The stock market had been up most of Wednesday morning … the Dow-Jones average was up 30 points or more almost from the start.
Somewhere around 2:00 PM, Eastern Standard Time, the Open Market Committee of the Federal Reserve System produced a statement summarizing the results of its two-day meeting. The gist of the meeting is captured in this sentence: “The committee will closely monitor incoming information on economic and financial developments and will provide additional accommodation as needed to promote a stronger economic recovery and sustained improvement in labor market conditions in a context of price stability.”
The stock market immediately went down. The Dow moved into negative territory.
Investors in stocks are looking all over for positive news so that they can justify higher stock prices. Last week they rallied as “Super Mario” Draghi, President of the European Central Bank, promised unconditional support to the euro. They rallied the week before on something else and they rallied earlier on another thing.
Investors were putting their hopes on the Federal Reserve that it would come up with a QE3 or another Operation Twist or something else that would possibly help spur the economy on and rationalize buying into a rising stock market.
This, in spite of the fact that the earlier actions of the Fed … QE1 … or QE2 … or whatever … had done little or nothing to spur on economic growth, bring down unemployment, or anything else.
This is the state that investors -- business people and families -- find themselves in these days: hoping and hoping that something positive will take place.
In the extreme, it shows us just where everyone is concerning the leadership in the United States and the leadership in Europe and the leadership elsewhere in the world.
Two words keep coming up to capture the essence of the situation: uncertainty and risk.
No one seems to know what is going on and no one seems to be presenting any ideas about how we can move into a better future.
The only positive spin that analysts could put on the Fed’s statement: “The Fed signaled more strongly it will take action as needed to boost the economy … ”
Man, I learned a lot from this …
But, let’s look at the situation.
For one, there is very little that the Federal Reserve can do to “goose up” the economy at this time. The Fed acted to stop the liquidity crisis that plunged the financial system into a crisis. The Fed has done about all it can to calm down the solvency crisis. The Fed has poured more than a trillion dollars into the banking system to provide time for the banking system to shrink in numbers and the FDIC to close problem banks.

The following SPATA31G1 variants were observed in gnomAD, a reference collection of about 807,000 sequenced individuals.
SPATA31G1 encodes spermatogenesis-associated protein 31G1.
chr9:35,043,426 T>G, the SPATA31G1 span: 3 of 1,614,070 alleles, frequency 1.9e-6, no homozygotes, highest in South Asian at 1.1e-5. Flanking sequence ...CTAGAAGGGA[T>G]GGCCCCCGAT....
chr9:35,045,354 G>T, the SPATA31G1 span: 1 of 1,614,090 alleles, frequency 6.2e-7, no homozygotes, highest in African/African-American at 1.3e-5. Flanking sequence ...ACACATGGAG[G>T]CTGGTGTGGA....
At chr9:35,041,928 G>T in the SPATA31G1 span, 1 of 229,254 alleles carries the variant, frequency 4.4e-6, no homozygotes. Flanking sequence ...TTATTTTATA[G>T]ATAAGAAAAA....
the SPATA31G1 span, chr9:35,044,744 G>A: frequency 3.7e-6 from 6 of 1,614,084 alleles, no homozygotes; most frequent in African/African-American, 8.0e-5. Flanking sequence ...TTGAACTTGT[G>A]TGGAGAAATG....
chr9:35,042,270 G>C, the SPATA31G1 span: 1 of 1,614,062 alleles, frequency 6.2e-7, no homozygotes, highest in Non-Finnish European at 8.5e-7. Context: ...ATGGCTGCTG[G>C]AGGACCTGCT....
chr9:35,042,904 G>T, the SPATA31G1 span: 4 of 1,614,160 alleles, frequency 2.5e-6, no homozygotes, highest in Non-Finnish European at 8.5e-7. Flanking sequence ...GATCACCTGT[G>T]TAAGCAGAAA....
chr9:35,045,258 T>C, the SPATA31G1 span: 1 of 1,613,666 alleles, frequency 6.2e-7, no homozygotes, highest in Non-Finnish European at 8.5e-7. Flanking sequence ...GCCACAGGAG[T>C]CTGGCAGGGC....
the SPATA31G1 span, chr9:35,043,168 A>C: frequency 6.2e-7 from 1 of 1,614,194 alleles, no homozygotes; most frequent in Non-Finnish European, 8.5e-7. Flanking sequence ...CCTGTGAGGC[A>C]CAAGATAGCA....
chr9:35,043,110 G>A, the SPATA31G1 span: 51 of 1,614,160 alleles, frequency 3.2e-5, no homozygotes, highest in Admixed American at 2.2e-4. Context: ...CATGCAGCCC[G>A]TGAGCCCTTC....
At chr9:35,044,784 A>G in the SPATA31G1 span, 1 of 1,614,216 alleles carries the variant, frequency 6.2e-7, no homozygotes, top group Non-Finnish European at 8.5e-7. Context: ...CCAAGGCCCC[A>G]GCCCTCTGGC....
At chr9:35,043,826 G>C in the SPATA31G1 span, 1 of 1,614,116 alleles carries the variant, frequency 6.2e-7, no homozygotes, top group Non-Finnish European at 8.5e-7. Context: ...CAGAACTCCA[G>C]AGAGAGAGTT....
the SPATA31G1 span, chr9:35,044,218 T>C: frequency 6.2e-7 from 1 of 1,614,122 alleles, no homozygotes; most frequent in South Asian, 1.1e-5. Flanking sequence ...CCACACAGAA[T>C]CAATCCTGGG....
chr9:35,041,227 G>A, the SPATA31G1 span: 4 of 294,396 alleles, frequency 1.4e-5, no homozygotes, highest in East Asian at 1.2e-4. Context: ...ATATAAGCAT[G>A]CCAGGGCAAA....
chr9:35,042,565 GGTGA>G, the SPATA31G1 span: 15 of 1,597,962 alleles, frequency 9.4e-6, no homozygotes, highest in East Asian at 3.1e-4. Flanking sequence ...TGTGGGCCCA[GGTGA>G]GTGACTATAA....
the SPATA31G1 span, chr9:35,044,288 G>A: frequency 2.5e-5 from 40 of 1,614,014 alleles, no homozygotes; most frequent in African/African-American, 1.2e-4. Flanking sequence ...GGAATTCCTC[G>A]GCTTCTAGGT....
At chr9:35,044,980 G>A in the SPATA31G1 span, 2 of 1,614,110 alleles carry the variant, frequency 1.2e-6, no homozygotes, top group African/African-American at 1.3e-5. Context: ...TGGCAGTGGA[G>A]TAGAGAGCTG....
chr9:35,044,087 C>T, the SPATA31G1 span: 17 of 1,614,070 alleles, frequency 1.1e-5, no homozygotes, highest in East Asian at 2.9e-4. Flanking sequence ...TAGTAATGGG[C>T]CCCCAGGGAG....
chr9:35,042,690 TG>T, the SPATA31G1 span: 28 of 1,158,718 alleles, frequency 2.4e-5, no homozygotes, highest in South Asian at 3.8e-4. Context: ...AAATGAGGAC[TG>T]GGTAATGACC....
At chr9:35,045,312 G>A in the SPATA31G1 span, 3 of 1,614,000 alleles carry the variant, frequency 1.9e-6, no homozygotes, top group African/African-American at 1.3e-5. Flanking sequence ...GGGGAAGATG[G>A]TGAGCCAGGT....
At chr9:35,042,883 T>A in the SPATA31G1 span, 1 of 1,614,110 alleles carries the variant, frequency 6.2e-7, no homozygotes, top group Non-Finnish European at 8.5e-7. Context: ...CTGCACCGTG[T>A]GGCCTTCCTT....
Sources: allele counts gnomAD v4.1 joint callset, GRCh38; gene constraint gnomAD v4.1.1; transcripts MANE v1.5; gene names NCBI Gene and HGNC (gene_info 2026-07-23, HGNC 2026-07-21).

The Fed cannot make businesses and families borrow. The Fed cannot hire people and put them back to work. The Fed cannot eliminate the foreclosures and bankruptcies that are still looming in families, small business, and in local governments. The Fed can do only so much.
And, to use economic terms, over time a central bank can only impact “nominal” variables, like the monetary base and the money stock and prices, and not “real” variables, like real economic growth and the unemployment rate.
Still, investors were looking for some sign that a (somewhat) trusted institution was going to provide some kind of leadership that would help.
Where there is a vacuum people keep looking for someone or some thing that will fill in the void.
In this case, to me, investors were looking for too much. There is very little that the Federal Reserve can do now. This is especially true since so many of our economic problems are coming from structural dislocations and not from cyclical movements. These structural problems that exist within the economy are not going to be overcome, over night. I have tried to express this repeatedly in my blog.
The good news is that the United States economy is recovering. Not as quickly as we would like but it is recovering. There are many potential bumps-in-the-road ahead -- like the recession in Europe and the slowdown in the rest of the world -- like the “fiscal cliff” facing Congress and the president, along with several other impending problems. But, the economy is growing.
The bad news is that there seems to be an almost total absence of confidence in our elected officials and their appointees and in the institutions we used to have so much faith in. And, until this confidence begins to rise, the structural problems that are the essence of any real future economic recovery will just tend to languish.
Whether or not the Federal Reserve comes up with any more “stimulus” to combat further economic slowdown is irrelevant to me. I believe that the financial markets should stop looking for their “savior” to come from the halls of the Fed, although, unfortunately, it looks like it might be the only show in the town of Washington, D. C.